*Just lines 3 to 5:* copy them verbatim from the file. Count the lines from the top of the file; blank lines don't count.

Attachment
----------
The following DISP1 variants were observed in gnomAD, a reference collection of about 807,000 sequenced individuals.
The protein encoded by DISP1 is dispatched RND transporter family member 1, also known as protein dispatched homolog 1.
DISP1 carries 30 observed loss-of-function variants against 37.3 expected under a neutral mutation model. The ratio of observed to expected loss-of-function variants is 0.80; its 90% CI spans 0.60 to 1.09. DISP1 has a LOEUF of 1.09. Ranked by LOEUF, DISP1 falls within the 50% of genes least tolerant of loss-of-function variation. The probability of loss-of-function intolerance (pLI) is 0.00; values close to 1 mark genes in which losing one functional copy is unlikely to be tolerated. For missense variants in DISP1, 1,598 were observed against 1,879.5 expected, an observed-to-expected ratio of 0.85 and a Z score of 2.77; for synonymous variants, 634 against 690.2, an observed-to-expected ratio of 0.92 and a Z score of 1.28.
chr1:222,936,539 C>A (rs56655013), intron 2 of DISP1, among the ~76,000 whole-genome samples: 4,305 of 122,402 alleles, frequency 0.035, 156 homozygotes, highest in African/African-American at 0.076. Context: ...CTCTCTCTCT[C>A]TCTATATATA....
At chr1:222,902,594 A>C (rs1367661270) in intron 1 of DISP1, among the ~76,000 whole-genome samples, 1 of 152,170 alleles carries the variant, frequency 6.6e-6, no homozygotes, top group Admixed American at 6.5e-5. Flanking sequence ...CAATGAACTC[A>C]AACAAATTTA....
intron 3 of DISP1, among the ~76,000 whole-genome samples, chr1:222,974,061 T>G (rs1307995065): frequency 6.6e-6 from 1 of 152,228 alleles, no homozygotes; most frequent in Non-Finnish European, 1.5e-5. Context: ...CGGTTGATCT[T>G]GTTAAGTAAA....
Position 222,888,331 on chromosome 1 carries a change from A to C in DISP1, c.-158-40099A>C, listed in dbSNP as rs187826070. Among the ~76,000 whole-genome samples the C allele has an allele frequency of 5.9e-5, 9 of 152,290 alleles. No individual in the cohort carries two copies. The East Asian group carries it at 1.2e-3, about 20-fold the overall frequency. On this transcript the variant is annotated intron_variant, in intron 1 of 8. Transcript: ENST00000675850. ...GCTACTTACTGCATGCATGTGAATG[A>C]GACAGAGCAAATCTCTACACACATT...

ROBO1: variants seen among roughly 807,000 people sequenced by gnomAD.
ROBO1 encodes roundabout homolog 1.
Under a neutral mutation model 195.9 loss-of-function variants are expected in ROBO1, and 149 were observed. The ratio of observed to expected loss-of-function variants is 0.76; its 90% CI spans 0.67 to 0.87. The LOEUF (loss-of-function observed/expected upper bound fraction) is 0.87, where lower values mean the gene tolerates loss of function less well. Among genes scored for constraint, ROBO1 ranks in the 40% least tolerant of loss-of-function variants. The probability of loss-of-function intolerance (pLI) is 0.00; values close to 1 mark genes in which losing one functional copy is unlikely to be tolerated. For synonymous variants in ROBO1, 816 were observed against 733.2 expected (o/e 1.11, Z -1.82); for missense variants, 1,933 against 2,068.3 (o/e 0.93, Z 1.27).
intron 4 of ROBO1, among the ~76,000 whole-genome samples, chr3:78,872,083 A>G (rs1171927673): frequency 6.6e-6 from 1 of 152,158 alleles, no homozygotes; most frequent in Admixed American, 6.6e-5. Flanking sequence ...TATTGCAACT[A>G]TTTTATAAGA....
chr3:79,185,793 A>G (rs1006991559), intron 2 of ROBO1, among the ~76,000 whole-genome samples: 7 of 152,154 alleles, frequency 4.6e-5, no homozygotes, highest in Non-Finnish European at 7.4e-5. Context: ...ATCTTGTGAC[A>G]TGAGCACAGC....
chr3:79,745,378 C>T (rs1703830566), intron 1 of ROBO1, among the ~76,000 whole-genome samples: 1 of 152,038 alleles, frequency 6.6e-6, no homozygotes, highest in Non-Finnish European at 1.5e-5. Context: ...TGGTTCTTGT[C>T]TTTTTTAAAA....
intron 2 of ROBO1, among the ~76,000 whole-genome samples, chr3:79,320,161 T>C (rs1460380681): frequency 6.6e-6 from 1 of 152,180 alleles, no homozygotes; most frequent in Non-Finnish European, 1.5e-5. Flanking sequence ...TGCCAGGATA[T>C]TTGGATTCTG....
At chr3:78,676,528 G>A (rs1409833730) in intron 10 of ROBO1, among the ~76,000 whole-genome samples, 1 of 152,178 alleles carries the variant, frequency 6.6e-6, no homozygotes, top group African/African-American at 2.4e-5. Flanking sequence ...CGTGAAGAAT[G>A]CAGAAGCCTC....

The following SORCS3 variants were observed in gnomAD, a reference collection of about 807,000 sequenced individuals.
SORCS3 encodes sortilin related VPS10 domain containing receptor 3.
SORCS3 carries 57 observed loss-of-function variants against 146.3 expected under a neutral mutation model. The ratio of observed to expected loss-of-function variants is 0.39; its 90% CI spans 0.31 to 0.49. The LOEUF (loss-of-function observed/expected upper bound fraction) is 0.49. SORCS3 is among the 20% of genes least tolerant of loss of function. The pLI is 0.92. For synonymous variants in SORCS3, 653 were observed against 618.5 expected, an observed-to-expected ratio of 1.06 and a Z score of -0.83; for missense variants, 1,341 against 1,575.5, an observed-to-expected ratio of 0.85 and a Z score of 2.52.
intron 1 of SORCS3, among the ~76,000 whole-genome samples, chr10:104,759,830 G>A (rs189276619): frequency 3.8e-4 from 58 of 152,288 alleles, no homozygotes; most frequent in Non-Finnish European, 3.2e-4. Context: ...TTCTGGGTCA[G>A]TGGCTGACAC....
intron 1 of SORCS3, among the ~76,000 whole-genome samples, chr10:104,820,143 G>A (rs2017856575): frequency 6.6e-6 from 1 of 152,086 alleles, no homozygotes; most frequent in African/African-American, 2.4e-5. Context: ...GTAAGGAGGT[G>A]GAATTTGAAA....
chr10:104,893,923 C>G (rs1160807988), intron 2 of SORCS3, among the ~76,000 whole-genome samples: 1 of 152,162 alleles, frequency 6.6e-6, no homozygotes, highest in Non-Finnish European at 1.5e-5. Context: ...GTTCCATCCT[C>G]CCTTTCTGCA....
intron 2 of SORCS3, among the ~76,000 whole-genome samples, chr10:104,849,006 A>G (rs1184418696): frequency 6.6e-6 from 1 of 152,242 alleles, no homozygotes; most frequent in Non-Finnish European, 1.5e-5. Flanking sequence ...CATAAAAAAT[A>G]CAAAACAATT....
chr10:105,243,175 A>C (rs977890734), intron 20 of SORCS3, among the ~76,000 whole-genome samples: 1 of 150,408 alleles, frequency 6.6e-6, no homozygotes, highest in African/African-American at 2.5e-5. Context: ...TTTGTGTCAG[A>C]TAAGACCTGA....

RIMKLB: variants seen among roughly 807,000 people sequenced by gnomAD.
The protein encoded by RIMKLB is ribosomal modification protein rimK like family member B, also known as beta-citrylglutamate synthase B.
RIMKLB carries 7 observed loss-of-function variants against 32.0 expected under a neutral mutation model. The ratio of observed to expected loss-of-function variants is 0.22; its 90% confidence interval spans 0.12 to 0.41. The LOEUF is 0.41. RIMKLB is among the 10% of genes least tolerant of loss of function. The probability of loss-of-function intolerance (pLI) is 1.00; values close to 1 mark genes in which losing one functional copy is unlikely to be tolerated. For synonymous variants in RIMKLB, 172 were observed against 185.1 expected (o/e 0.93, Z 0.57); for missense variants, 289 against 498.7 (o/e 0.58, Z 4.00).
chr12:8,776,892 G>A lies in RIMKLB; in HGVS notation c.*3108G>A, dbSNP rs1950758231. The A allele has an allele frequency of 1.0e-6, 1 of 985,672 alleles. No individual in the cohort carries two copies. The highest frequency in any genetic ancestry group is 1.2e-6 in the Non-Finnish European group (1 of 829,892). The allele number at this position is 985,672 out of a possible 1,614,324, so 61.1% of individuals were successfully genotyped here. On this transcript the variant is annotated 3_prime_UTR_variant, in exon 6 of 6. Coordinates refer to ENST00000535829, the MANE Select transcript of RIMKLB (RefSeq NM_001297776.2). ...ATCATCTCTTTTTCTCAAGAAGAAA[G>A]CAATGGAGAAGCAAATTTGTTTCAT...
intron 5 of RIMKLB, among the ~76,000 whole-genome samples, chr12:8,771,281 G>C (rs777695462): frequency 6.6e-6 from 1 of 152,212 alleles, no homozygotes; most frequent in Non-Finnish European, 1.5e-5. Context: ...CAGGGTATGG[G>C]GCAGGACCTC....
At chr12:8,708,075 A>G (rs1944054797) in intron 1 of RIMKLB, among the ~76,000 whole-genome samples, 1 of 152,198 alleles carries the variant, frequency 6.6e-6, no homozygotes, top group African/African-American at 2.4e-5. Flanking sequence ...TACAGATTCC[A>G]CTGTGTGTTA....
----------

DISP1 carries 30 observed loss-of-function variants against 37.3 expected under a neutral mutation model. The ratio of observed to expected loss-of-function variants is 0.80; its 90% CI spans 0.60 to 1.09. DISP1 has a LOEUF of 1.09. Ranked by LOEUF, DISP1 falls within the 50% of genes least tolerant of loss-of-function variation. The probability of loss-of-function intolerance (pLI) is 0.00; values close to 1 mark genes in which losing one functional copy is unlikely to be tolerated. For missense variants in DISP1, 1,598 were observed against 1,879.5 expected, an observed-to-expected ratio of 0.85 and a Z score of 2.77; for synonymous variants, 634 against 690.2, an observed-to-expected ratio of 0.92 and a Z score of 1.28.
chr1:222,936,539 C>A (rs56655013), intron 2 of DISP1, among the ~76,000 whole-genome samples: 4,305 of 122,402 alleles, frequency 0.035, 156 homozygotes, highest in African/African-American at 0.076. Context: ...CTCTCTCTCT[C>A]TCTATATATA....
At chr1:222,902,594 A>C (rs1367661270) in intron 1 of DISP1, among the ~76,000 whole-genome samples, 1 of 152,170 alleles carries the variant, frequency 6.6e-6, no homozygotes, top group Admixed American at 6.5e-5. Flanking sequence ...CAATGAACTC[A>C]AACAAATTTA....